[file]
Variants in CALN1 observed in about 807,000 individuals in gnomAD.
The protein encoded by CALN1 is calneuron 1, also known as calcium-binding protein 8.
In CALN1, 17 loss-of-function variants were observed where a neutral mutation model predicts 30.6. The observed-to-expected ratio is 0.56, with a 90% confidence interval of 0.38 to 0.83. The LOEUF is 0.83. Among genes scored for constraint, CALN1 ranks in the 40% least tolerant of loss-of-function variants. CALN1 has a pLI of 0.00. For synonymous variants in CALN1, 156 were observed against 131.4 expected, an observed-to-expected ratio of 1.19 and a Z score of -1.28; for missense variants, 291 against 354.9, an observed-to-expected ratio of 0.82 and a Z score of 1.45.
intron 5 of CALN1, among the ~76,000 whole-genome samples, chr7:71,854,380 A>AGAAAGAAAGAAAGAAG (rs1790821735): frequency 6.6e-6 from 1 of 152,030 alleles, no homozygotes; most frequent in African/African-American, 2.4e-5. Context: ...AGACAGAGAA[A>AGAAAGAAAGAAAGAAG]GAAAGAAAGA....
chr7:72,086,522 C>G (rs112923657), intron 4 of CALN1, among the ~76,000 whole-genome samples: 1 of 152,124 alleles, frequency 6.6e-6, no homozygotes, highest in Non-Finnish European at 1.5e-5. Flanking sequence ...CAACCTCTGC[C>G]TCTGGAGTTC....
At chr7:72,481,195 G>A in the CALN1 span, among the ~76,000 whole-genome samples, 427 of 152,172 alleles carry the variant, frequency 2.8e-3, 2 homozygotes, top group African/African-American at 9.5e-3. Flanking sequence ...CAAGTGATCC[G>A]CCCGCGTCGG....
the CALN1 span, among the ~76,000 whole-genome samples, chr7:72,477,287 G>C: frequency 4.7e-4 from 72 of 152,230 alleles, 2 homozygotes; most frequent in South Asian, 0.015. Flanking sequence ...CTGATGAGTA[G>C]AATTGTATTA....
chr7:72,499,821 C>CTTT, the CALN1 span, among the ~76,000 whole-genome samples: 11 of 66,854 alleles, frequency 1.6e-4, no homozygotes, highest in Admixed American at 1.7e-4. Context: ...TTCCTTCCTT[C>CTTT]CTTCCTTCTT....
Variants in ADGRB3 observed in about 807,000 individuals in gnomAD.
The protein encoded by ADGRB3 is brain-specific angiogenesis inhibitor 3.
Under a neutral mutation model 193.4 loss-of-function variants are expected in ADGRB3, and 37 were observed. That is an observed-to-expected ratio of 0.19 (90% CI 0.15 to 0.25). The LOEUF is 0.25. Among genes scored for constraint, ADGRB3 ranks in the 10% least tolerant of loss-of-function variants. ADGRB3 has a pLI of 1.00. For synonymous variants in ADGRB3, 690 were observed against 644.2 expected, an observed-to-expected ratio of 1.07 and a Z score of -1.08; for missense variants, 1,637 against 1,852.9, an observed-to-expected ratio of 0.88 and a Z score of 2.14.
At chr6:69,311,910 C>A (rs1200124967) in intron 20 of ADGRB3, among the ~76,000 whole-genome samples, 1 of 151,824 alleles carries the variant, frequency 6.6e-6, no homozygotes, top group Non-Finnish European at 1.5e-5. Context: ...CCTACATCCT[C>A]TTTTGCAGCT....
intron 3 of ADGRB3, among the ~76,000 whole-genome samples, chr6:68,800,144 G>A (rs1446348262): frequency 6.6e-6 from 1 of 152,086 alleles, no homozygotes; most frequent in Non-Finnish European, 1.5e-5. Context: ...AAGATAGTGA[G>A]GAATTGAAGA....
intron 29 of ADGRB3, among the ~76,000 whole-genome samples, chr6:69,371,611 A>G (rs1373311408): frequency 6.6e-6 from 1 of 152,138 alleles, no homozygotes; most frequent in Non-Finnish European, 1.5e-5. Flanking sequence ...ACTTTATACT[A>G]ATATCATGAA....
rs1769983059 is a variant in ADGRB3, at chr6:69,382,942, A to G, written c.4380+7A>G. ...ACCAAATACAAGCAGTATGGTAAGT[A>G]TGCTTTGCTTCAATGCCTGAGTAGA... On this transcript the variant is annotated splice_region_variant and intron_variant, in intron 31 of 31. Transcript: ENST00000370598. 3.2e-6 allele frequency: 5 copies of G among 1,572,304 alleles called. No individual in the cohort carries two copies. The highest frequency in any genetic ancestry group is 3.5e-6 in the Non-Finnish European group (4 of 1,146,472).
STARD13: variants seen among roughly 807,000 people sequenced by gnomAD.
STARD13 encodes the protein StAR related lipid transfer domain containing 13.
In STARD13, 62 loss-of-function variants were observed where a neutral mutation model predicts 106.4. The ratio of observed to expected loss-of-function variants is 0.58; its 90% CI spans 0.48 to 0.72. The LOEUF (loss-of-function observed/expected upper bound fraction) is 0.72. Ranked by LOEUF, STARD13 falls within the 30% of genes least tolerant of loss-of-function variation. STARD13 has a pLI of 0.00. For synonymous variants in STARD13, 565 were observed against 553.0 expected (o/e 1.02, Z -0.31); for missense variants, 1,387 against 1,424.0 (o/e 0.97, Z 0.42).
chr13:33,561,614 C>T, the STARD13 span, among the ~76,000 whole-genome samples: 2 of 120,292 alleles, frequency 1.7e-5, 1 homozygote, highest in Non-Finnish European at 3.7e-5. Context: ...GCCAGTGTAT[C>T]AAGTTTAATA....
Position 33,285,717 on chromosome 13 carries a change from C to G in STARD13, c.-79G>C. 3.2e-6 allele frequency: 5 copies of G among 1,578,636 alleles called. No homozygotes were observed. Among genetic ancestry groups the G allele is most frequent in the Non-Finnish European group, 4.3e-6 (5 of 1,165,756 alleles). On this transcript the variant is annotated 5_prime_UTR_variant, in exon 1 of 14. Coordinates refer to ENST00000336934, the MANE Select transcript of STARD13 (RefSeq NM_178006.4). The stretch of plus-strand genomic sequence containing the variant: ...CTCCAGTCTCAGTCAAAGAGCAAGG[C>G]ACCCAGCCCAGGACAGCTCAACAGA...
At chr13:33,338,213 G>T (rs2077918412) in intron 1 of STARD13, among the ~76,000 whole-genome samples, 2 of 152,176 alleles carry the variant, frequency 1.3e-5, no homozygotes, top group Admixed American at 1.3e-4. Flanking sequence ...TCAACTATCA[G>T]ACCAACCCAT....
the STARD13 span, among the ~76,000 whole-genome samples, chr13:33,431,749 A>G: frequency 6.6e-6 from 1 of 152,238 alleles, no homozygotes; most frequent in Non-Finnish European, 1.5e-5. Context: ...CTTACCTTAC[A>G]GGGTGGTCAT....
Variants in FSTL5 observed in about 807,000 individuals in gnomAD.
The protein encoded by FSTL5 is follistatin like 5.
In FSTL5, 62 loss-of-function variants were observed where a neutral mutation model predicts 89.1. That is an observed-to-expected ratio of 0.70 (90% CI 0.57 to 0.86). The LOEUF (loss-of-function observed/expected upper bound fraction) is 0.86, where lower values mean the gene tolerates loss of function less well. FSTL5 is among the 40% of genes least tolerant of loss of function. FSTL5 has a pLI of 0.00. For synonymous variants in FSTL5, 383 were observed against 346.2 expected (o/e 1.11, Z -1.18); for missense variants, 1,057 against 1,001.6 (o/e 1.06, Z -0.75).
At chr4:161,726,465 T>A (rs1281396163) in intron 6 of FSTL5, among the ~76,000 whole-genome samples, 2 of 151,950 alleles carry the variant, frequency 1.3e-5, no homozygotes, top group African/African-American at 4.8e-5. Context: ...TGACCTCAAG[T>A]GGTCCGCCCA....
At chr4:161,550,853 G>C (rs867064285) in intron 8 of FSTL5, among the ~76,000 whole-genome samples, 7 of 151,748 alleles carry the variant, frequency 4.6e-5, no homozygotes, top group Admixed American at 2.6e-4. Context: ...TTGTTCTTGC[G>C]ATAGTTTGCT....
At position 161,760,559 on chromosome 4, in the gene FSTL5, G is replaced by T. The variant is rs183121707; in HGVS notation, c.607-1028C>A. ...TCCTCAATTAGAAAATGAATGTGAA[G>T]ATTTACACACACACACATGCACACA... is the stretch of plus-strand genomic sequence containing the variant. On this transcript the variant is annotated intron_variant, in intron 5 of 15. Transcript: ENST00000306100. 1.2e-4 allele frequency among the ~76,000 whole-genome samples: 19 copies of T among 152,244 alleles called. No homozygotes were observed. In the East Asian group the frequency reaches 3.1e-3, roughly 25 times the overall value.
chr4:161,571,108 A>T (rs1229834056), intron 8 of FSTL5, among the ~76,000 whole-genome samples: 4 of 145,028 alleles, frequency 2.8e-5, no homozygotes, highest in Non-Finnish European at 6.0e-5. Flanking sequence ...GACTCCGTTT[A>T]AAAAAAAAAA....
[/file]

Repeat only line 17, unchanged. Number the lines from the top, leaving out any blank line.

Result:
STARD13 encodes the protein StAR related lipid transfer domain containing 13.